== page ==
No answer came back, and the call was repeated several times. Not a sound broke the stillness of the evening.
“He’s in trouble, that is certain,” said Harry, looking more anxious every minute.
“Perhaps he fell over the rocks, and broke his neck,” put in Fred.
“Oh, Fred, do you think he did?”
“Let us hope for the best, lads,” broke in Joel Runnell.
“If he wasn’t badly hurt he’d answer us,” went on Harry. “I wish we had the lantern.”
“I’ll go back for it,” said Fred, and hurried for the lodge without further words.
Joel Runnell had started along the edge of a ravine, with his face close to the rocks and snow. Now he came to a halt.
“Here are some footprints,” he declared. “Wait till I strike a light.”
He lit a match, and with this set fire to a dry pine bough. The footprints were there plain enough.
“Joe!” he called, sharply. “Joe, are you below?”
“Yes,” came faintly to his ears.
“He’s here!” shouted the old hunter.
“Where?” and now Harry came up quickly.
“He’s down below.”
Harry bent over the dark opening.
“Joe, are you badly hurt?” he questioned.
“I – I guess not. But my – my wind is g-g-gone!”
“We’ll soon have you up.”
“We can’t do it without a rope,” said old Runnell. “Better go back to the lodge for one.”
Harry caught Fred just coming away with the lighted lantern. The rope was quickly procured, and both sped back to the gully. Then Harry was lowered, taking the light with him.
He found Joe sitting on a ledge of rocks, his feet in the snow. One hand was scratched and bleeding, and there was blood on one of his cheeks.
“It was a nasty fall, I can tell you that,” said Joe, when he felt able to talk. “When I came down I thought it was all up with me.”
“You can be thankful you didn’t break any bones, Joe,” returned his brother, tenderly.
A sling was made, and Joe was hoisted up by old Runnell and Fred, and then Harry came up, carrying the shotgun. By this time it was pitch-dark on all sides, and the snow was coming down thickly.
“It’s good we have the lantern,” observed Harry. “It is going to be no easy job getting back to the lodge.”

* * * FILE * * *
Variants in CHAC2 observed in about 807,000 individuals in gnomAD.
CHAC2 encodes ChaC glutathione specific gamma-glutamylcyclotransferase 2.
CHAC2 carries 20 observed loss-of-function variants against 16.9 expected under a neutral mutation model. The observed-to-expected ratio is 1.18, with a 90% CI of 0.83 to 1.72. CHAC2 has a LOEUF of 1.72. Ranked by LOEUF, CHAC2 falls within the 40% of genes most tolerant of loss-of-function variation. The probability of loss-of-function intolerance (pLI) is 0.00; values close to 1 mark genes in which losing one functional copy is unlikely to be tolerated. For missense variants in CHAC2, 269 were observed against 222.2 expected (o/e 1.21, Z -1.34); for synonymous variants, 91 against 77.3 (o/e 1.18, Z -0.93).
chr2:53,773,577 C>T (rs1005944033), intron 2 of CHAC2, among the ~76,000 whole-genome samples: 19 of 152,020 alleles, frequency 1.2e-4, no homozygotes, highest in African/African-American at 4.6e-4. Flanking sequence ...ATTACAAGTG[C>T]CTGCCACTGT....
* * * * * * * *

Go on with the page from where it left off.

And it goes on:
Joel Runnell led the way, and the boys followed, with Joe in the middle leaning on the others’ shoulders. Progress was slow, and it took the best part of an hour to reach Snow Lodge.
“Jumping bullfrogs! if I didn’t leave the door wide open!” cried Fred, in consternation.
“Well, we’ll forgive you this time,” laughed Joe Runnell. “But don’t let it happen again.”
The lodge was cold, but with the door shut tight and a good fire the temperature soon arose. Then Fred slipped down to the lake, and brought in the fish that had been caught.
“Not so bad,” said the old hunter, as he looked the catch over. “Reckon we’ll have enough to eat for a day or two.”
Before retiring that night Joe washed his bruises and bathed them with some arnica that was in the medicine case. This eased the wounds a great deal, and in a few days he felt as well as ever.
It snowed steadily the whole of the night, and toward morning the wind arose and sent the snow flying against the lodge until it was piled almost to the top of the door. The thermometer went down ten degrees, and all hands were glad enough to hug the fire.
“Phew! but this storm is a corker,” exclaimed Fred. “I’m glad we haven’t got to travel in it.”
“We needn’t stir until it clears off,” said Joel Runnell. “That will give Joe a chance to mend.”
Breakfast was late, and they took their own time in eating the fish and potatoes that had been prepared. After this they gazed out of the window for a while, and then sat down to play at dominoes and checkers, both games having been brought along by Fred for just such an emergency.
Yet with it all the day passed slowly, and the boys were not sorry when, at nightfall, the snowing ceased, and the wind also fell.
“It’s going to be a clear day to-morrow,” the old hunter predicted. “We ought to have some fine sport.”
It was not yet nine o’clock when the boys and the old hunter retired for the night. The fire was fixed with care, so that no sparks might set fire to the lodge.
It did not take long for the boys to get to sleep. Each occupied a separate bunk in the sleeping apartment, while old Runnell stretched himself on the floor in the living-room.
Fred had been asleep about an hour, when he awoke with a start. What had aroused him he could not tell, until a peculiar sensation along one of his lower limbs attracted his attention.
“What in the world can that be?” he asked himself. “Am I getting a chill, or is it rheumatism?”
He caught his breath, and on the instant his heart almost stopped beating from fright. Something was in the bunk; something that was crawling over his lower limbs and up to his breast!
“It’s a snake!” he thought. “It’s a snake! If I dare to move it will sting me! Can it be a rattler?”
He was on the point of screaming, but could not bring himself to do it. The cold beads of perspiration stood out on his forehead. In those few seconds he lived an hour of anguish. Then he made a swift clutch at the object through the blanket, and leaped out upon the floor.
“A snake! A snake!” he yelled. “Help me! Shoot him, somebody! A snake has me by the leg! He’s stinging me this minute! I’m a dead boy!”
ñêà÷àòü êíèãó áåñïëàòíî
ñòðàíèöû: 1 2 3 4 5 6 7 8 9 10 11 12 13 14